Tuesday, 8 July 2014

Scottish Roll and Sausage

Roll and Lorne sausage, fried onions and HP Sauce

Whether you call them Lorne sausages, sliced sausages or square sausages (unless they're round), Scotland's most popular (probably) type of sausage is pretty different from sausages you are likely to find elsewhere. This is because rather than being stuffed in to skins, the sausage meat is compressed in to blocks and subsequently sliced. Consisting usually of a combination of minced (ground) beef and pork as well as a variety of seasonings and spices, sliced sausages are probably Scotland's equivalent to the burger, especially when served on a Scottish morning roll.

As with any such creation, a Scottish roll and sausage is not always the healthiest of food items. The sausage will often contain artificial colours and preservatives, it may be made with very low grade meat and even meat by-products (bone and gristle), then it will be fried at home in lard before being served on a heavily buttered roll with a variety of sugar and salt laden sauces. The good news is that there are several ways in which a roll and sausage can be made healthier and I'm going to look at a few of them below.

Lorne sausage is fried in sunflower oil

The process of making a roll and sausage healthier begins at the stage of buying the sausages. Go to a reputable butcher or supermarket and buy high meat content products. Yes, they will cost more than the budget varieties you can pick up elsewhere but it's simply a case of getting what you pay for.

When it comes to cooking the sausage, many people will grill (broil) it rather than shallow fry it. While this is undoubtedly the healthier option, I find that - unless you're incredibly careful - you can dry the sausage out and make it pretty unpalatable. Instead, I choose to shallow fry it in sunflower or vegetable oil, rather than lard or a similar saturated animal fat. They will take four or five minutes each side (depending upon thickness) over a low to medium heat.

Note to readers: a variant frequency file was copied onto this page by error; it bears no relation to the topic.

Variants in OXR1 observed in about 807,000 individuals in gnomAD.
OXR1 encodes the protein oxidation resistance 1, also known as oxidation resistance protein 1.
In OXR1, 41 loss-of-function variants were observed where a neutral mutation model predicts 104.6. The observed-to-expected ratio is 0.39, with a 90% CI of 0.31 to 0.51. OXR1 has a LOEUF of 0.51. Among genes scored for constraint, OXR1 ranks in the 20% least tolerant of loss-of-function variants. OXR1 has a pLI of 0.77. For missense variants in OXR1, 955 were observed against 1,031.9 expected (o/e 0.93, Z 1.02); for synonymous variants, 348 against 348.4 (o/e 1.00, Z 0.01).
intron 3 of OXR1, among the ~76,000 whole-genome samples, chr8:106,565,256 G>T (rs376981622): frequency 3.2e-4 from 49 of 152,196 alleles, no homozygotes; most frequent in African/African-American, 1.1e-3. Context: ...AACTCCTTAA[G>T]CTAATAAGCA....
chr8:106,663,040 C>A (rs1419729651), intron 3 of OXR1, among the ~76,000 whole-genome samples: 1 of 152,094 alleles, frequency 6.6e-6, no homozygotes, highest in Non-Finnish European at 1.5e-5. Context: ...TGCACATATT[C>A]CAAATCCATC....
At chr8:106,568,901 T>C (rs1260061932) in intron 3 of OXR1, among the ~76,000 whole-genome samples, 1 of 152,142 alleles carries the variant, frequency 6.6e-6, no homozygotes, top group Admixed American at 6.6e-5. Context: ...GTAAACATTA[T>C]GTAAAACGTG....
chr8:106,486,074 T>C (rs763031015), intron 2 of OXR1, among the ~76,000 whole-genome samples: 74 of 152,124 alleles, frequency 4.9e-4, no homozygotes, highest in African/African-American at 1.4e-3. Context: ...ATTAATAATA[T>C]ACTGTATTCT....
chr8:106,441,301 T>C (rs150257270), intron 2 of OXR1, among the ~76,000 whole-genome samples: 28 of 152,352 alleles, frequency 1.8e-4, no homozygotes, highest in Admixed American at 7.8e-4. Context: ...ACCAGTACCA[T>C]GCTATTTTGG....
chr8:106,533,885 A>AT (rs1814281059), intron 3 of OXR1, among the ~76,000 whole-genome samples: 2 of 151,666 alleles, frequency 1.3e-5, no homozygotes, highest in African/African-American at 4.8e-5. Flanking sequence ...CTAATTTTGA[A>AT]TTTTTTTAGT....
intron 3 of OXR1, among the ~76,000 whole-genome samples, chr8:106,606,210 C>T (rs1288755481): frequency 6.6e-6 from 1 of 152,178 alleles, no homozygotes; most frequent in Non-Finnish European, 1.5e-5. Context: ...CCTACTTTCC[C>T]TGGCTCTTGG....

Onions are fried with Lorne sausage

Fried onions are a very popular addition to a roll and sausage. Sometimes, however, the onions are fried to the stage of virtually being cremated and any goodness they once contained is long gone. What I do when I am frying onions with a sausage is slice them moderately thickly and add them at the satge where the sausage has been turned to fry on the second side.  Alternatively, serving the onions raw where you like to eat them this way is an even healthier choice.

Scottish morning rolls

Scottish morning rolls (or rolls as they are more often simply called in Scotland) can be bought soft, crispy and well-fired or somewhere in-between. Personally, I like them as soft as possible and can't even eat them if they're crispy. Either way, slice the rolls open and where you are in the habit of using butter, use instead a low fat substitute made with either sunflower or olive oil.

Lorne sausage is added to roll with sunflower oil based spread

When you lift the sausage from the pan with a spatula, hold it over the pan for ten to twenty seconds to let some of the fat drip back in to the pan before laying it carefully on the bottom half of the roll.

Fried onions are laid on top of Lorne sausage
Cooking tongs are the ideal implements for lifting the onions from the pan on to the sausage. Alternatively, lift them with a spatula and let them drain slightly in the same way as you did with the sausage.

HP Sauce finishes off roll and Lorne sausage with fried onions

HP Sauce and tomato ketchup are common additions to a roll and sausage. I love both but am particularly partial to HP Sauce. If adding sauce, ketchup or perhaps pickle to a roll and sausage, try to cut down a little bit on the amount you add as many of these products are very high in salt and sugar and can effectively negate your earlier efforts to make your roll and sausage a healthier option.

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